The Scottish tourism industry has reacted with anger to comments from first minister Nicola Sturgeon advising against booking holidays overseas next month.
In her address to the Scottish parliament, the first minister said Scottish families should treat the autumn term holiday as an opportunity to limit social contact with others.
Speaking of the upcoming school holidays, she said: “Given that this is a global pandemic, please do not book travel overseas for the October break if it is not essential.”
The reaction was quick from industry insiders.
Mike Tibbert, vice president of the Scottish Passenger Agents’ Association, said: “The first minister’s comments in the Scottish parliament telling Scots not to book travel overseas for the October break if it is not essential were unnecessary, wholly gratuitous, and extremely damaging for the Scottish travel industry.
“This year has been catastrophic for travel agents and the entire travel sector and today’s comments could well be the final nail in its coffin.
“It is utterly short-sighted to consider that this story ends with our members having had no 2020 income, but the stark facts are that, without immediate and targeted stimulus for the travel sector, Scotland will lose its global connectivity as airlines cut routes.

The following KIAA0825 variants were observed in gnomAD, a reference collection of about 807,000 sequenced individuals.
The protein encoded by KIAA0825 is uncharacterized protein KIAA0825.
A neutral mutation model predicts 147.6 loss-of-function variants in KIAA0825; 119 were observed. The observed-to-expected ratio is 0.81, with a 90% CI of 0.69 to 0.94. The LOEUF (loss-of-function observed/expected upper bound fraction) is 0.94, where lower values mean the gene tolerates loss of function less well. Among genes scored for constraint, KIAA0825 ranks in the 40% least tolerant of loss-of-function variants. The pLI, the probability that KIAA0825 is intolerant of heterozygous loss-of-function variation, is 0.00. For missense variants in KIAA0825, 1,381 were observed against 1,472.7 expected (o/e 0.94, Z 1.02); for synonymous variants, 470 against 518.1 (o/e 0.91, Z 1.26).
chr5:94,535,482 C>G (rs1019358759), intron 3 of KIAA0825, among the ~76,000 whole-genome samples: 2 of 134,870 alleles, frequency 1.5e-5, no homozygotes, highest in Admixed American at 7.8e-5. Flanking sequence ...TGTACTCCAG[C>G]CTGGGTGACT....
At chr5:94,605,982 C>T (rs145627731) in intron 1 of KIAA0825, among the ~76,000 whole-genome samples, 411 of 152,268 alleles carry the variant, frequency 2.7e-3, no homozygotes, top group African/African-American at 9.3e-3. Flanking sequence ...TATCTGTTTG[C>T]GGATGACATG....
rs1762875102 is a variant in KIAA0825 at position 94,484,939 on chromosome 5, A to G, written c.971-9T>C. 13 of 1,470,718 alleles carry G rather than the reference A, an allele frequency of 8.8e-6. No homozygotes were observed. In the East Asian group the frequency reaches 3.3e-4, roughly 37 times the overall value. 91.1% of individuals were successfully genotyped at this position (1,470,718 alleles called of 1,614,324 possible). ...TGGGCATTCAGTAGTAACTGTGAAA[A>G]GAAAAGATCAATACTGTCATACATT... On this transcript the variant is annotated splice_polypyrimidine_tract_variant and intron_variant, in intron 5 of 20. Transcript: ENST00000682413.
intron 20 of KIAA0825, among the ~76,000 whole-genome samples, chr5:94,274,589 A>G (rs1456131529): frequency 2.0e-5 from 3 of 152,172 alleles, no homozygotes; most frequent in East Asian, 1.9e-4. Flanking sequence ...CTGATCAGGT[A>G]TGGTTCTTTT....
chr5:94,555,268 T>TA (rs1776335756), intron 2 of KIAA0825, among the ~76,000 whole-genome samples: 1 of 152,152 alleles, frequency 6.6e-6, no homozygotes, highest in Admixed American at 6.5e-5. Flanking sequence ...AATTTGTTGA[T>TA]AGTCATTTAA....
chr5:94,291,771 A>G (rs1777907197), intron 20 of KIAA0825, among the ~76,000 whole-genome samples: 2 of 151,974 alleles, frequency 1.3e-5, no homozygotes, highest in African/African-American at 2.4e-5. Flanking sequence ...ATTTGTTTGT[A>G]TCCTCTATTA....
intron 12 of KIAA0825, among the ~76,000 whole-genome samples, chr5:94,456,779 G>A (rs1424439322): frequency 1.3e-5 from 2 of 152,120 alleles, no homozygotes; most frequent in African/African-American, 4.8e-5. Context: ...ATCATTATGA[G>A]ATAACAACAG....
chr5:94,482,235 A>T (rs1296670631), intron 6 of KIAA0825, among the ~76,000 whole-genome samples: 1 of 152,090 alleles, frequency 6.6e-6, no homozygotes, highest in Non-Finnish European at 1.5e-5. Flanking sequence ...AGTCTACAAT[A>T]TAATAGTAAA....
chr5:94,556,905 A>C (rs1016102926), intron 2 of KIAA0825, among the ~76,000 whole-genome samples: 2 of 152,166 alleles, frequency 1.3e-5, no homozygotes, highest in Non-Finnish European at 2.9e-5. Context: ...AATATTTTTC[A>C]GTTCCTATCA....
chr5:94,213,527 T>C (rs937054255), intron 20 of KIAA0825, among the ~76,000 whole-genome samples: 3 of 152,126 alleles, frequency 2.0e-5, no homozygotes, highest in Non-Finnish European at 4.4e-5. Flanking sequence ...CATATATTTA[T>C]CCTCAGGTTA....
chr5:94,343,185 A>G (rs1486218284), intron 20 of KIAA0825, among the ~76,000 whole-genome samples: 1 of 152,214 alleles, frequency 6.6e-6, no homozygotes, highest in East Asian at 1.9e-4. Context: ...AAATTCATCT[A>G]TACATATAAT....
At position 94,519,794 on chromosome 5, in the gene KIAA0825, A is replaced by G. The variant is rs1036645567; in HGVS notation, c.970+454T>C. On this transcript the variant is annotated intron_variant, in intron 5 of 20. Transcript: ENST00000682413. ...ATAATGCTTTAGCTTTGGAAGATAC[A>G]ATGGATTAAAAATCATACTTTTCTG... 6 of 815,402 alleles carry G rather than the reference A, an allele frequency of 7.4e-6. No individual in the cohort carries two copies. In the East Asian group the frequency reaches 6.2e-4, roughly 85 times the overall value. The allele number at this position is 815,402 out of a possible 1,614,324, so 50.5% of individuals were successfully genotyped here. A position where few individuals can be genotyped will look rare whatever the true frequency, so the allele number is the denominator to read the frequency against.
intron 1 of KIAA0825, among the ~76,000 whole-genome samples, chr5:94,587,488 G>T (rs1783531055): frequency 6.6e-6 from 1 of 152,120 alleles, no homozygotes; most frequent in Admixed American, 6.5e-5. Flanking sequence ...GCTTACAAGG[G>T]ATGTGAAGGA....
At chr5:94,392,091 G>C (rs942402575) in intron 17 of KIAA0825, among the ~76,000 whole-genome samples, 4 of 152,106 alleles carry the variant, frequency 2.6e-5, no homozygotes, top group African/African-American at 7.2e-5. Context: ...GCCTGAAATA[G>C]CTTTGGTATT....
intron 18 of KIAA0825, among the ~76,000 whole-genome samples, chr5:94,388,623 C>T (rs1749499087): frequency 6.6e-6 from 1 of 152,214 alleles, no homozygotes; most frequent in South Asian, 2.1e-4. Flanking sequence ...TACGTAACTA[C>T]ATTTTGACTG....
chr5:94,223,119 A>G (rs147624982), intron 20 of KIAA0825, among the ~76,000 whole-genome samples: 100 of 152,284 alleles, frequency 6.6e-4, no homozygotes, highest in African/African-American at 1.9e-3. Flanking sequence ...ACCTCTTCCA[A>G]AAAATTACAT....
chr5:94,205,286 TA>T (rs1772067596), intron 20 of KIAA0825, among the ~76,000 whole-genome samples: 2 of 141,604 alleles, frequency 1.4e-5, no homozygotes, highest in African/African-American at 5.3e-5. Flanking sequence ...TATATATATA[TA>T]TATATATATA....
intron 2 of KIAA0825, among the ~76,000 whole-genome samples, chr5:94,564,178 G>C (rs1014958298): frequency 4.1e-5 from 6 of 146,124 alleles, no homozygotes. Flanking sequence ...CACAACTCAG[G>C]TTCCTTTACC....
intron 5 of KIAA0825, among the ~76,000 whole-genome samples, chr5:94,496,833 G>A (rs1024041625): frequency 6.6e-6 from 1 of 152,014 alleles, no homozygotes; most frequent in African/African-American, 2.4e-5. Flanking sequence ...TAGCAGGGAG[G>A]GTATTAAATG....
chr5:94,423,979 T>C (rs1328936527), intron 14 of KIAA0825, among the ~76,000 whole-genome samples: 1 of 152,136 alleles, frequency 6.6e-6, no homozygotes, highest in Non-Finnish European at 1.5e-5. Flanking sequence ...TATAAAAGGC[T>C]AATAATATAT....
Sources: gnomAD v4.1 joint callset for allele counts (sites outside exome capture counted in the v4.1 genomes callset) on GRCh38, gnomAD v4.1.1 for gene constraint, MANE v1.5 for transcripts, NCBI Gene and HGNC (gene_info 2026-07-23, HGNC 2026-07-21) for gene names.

“This no idle warning – it is probable, that loss of connections would cause irreversible long-term damage to our whole economy.”
He added: “It’s becoming ever clearer that our entire travel sector – and consequently our economy – is in real and immediate jeopardy.
“This is absolutely no exaggeration, yet there appears to be no support either at ground or strategic level to prevent this. Indeed, we seem to have government announcements actively designed to destroy travel jobs and the whole industry when there are destinations which it is safe to travel to such as Turkey.”
Rory Boland, editor of Which? Travel, also questions what measures were in place for those now considering cancelling holidays.
He explained: “While the advice for people in Scotland not to book holidays abroad over the October break may be sensible to prevent further spread of the virus, it does not help those who have already booked a holiday, many of whom will have done so several months ago.
“These people face losing out as airlines remain free to ignore the advice and pocket customers’ money.
“There cannot be one rule for holidaymakers and another for airlines.
“If people are being asked not to travel, then airlines should be made to provide rebooking at no additional cost or refund options to their customers, to prevent them from being left out of pocket or putting public health at risk by taking a holiday they can’t afford to cancel.”
Image: Jane Barlow/PA Wire/PA Images
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